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The similiarities between airports and general practice

I hate airports, they are the quintessential definition of a necessary evil if you ask me. If there was any other practical way of travelling overseas I would take it. They seem to have perfected the art of blending exploitation, patronisation and belittlement into a truly awful sickly broth.

The whole experience is a rollercoaster ride between being treated like a new inmate in prison, ripped-off in shops that inflate their high street prices then claim the opposite and bleated at by irritating security announcements that seem to assume we all have the IQ of a lobotimized lab rat.

Ring any bells?

Thanks to Shipman and Janet Smith, you now can’t say ‘GP’ and ‘diamorphine’ in the same sentence without people assuming you’ve just set up the first UK branch of Dignitas. Everyone and their dog seems to want to squeeze more money out of us; defence organisations, GMC, royal colleges, CQC, appraisal, the pensions agency, the tax man, the list just goes on.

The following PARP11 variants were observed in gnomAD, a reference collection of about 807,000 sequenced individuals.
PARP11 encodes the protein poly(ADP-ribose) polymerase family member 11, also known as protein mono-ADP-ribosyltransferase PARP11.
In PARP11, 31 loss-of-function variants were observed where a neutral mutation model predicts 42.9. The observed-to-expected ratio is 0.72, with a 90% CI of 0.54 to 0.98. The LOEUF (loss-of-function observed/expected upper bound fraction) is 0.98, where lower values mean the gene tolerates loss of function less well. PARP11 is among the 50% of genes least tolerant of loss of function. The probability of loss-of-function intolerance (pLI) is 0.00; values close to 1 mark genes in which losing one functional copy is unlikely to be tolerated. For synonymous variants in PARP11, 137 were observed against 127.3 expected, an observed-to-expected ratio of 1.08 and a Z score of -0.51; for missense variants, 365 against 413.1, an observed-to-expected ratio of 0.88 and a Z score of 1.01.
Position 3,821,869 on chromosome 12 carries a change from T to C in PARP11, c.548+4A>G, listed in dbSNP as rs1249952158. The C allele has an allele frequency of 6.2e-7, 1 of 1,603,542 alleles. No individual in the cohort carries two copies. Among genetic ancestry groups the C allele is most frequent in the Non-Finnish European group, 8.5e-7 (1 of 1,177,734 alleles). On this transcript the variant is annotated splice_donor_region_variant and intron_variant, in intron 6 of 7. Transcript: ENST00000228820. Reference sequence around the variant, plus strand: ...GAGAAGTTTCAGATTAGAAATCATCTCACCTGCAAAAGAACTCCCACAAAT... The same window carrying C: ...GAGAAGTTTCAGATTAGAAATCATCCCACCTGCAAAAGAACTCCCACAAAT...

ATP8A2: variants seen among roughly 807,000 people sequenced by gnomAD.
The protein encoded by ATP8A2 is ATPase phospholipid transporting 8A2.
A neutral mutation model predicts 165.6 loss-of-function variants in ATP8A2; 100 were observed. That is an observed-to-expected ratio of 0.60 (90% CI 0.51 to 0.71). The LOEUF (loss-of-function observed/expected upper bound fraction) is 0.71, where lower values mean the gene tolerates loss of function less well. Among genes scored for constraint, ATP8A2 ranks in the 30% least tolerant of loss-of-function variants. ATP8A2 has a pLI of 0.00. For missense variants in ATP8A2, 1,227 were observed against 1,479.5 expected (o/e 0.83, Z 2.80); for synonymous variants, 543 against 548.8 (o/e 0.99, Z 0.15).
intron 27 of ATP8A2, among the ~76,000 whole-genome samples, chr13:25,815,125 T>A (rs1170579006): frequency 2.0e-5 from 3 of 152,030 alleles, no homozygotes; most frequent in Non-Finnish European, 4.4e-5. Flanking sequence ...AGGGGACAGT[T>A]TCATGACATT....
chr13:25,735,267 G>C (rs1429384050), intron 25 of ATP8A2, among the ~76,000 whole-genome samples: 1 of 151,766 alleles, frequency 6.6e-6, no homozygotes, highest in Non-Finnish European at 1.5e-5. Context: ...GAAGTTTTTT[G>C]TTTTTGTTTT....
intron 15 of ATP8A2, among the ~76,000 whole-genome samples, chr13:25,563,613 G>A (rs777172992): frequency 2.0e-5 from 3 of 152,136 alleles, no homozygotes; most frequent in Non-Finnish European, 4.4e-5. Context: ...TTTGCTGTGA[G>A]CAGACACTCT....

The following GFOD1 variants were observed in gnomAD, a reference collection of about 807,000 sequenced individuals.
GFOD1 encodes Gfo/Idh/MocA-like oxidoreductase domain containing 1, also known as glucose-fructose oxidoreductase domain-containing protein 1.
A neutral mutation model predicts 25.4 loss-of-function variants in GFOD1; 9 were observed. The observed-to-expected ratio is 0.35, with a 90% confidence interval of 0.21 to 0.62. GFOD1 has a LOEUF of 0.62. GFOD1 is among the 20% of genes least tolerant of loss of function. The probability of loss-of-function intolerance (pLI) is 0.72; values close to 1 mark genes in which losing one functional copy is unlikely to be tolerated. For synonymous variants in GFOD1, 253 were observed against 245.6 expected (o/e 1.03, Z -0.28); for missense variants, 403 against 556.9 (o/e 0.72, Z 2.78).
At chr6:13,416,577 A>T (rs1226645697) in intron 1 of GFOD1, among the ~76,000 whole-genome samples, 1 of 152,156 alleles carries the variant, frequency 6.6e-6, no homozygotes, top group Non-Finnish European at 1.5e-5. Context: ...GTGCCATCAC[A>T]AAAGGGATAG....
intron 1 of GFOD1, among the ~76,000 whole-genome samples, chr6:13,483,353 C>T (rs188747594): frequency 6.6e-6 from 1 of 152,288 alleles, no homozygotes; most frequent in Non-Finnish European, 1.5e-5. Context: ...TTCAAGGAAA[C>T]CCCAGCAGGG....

Then there are the mandatory courses.  Where to begin?

Have you done adult safeguarding yet? I just finished this and was left wondering exactly who it was pitched at:

‘John has a bruise on his face’ is this abuse A: physical B: sexual C: emotional

‘Jane has a sore vagina’ is this abuse A: physical B: sexual C: emotional

Who is their intended audience? Obviously the lowest common denominator, but if that is the pinnacle of the intellectual ability of the majority of the NHS workforce then God help us.

In ‘Nineteen Eighty Four’ O’Brien invites Winston Smith to imagine the future as a boot stamping on a human face forever.

If I were imagining the future for general practice it would be some awful chimera with the venom spitting head of Jeremy Hunt, bloated body of the private sector and the multiple arms of a Hindu goddess squeezing the life blood out of us while at the same time emptying our wallets.

Dr David Turner is a GP in west London